The belief that nothing is random, that every detail in the universe signifies something beyond itself is a symptom of paranoia, or religiosity. It is also a precondition for viewing movies intelligently. Filmmakers ask that we be attentive, that we notice and link details that outside a theater we simply ignore. If a tree falls in a forest, few people listen. When it falls in a film, it is some kind of sign.
From the opening scene of Signs, when Graham Hess (Gibson), a lapsed Episcopal priest, leaps out of bed in response to strange sounds outside among the corn, the audience is put on notice; stay alert for something bizarre. Indeed, crop circles have been carved in Hess' cornfield, in rustic Bucks County, Pennsylvania. Is it just a local prank, or does it have anything to do with dozens of other crop circles suddenly discovered elsewhere in the world? Is there any connection to the unidentified lights that have been flickering above major cities? There are two kinds of people according to Hess: One sees providence everywhere; for the other, accident is all. Since the death of his wife in a road wreck six months ago, Hess has taken off his clerical collar and embraced randomness. At dinner with his preternaturally poised young children, Morgan (Culkin) and Bo (Breslin), he refuses to pray. When his younger brother, Merrill (Phoenix), who has been sharing their house since the death of the children's mother, has intimations of divinity, Hess is curt: "There is no one watching out for us, Merrill," he insists. "We are all on our own."
He is mistaken. All the signs in Signs point to an invasion of our planet by malevolent creatures. The entire population of human beings is at risk, but the film concentrates on only four of them, isolated in a farmhouse 45 miles from Philadelphia. The horror is heightened by the usual movie machinery of ominous camera angles and ambiguous shadows. But Signs stands out for its silence, a muted soundtrack that forces its audience to listen for faint aural cues.
Though writer-director M. Night Shyamalan signed on to this project as early as April 2001, viewers alert to the zeitgeist will surely see some link between his film's release and the aftermath of 9/11, especially since a crucial encounter with hostile forces is said to have occurred in the Middle East. Though TV broadcasts inform the Hesses that other parts of the world are also affected, Signs is an American story, of unprovoked, unwarranted assault against the homeland and family by dark, unintelligible aliens. In its unremitting focus on Graham Hess, his children, and his brother, the film makes drama out of xenophobia; it is a cinematic equivalent of the national trauma induced by the attacks on the World Trade Center and the Pentagon. All signs induce mistrust of anyone outside the tribe, and we are expected to cheer when Merrill, once a minor league slugger, takes on the enemy with the most American of weapons: a baseball bat. The film signs on to Bush's foreign policy — that unilateralism is the most appropriate response to any external challenge.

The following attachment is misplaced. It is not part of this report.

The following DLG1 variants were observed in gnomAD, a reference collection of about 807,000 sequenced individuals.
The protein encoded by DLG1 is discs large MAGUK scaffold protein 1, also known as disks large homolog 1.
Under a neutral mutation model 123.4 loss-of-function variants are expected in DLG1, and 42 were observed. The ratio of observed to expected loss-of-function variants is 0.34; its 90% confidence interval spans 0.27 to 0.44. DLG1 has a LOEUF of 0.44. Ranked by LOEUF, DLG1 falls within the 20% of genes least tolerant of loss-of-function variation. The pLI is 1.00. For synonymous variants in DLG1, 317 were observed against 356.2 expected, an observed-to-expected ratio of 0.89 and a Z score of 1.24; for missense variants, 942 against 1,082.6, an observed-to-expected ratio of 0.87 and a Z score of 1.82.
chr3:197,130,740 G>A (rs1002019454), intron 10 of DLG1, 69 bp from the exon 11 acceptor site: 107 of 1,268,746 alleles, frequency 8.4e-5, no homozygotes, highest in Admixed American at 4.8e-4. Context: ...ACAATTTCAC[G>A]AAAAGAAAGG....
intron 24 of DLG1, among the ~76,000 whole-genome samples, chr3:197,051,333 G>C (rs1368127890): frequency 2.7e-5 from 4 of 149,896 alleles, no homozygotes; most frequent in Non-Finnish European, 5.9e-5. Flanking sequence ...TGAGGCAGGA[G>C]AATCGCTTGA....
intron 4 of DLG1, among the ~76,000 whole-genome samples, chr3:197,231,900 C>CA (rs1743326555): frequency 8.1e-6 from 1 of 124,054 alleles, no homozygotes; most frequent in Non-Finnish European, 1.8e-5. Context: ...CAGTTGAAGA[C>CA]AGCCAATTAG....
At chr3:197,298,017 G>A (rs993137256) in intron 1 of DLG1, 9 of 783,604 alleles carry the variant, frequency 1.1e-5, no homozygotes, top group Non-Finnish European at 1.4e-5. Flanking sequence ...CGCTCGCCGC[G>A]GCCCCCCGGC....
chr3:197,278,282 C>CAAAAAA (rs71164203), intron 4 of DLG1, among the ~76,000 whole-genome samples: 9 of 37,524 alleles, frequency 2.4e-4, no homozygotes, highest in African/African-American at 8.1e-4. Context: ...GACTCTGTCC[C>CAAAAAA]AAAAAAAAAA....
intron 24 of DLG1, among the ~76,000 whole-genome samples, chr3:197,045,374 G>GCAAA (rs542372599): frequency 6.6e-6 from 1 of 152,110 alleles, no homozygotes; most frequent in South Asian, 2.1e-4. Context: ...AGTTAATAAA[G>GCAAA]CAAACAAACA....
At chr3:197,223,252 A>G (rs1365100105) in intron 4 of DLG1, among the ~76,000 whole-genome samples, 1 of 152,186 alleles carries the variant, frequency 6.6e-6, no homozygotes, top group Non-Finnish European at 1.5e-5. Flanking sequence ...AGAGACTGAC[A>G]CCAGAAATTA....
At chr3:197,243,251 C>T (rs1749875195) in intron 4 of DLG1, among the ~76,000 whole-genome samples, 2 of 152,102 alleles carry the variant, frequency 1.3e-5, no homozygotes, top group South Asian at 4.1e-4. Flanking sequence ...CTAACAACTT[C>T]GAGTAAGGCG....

All the supernatural balderdash of UFOs and ETs is a bit excessive for what this film is really about — one shaken clergyman's crisis of faith. How can ambivalent Graham Hess (whose first name echoes America's most famous preacher and whose surname suggests Moses Hess, the man who converted Friedrich Engels to godless socialism) reconcile the senseless death of his wife with the existence of the Christian deity? It is surely not an insignificant detail that the man responsible for killing Colleen Hess, falling asleep at the wheel while she is out for an innocent walk, is the only non-white seen in the county. Ray Reddy, a veterinarian, is Asian, and he happens to be played by Shyamalan himself.
Though he grew up in Pennsylvania and attended an exclusive Episcopal school, Shyamalan was born in Pondicherry and, reportedly, raised in a non-Christian religion. In his film, the first incidents of crop circles are reported in the director's native India. What Signs is really about — even more than the story of how Graham Hess learns to overcome faith-shaking loss and don ecclesiastical garb again — is immigrant Shyamalan's embrace of Billy Graham's America. His film is a work of Christian apologetics, which in itself is no sin. However, Shyamalan shrinks from presenting a fair and robust battle for the soul. Vishnu is vanquished with a Louisville slugger. In the America he celebrates, by wallowing in its corn, you just gotta believe.
"Billy Graham meets E.T."
Writ. & dir. M. Night Shyamalan; feat. Mel Gibson, Joaquin Phoenix, Rory Culkin, Abigail Breslin, Cherry Jones, M. Night Shyamalan (PG-13)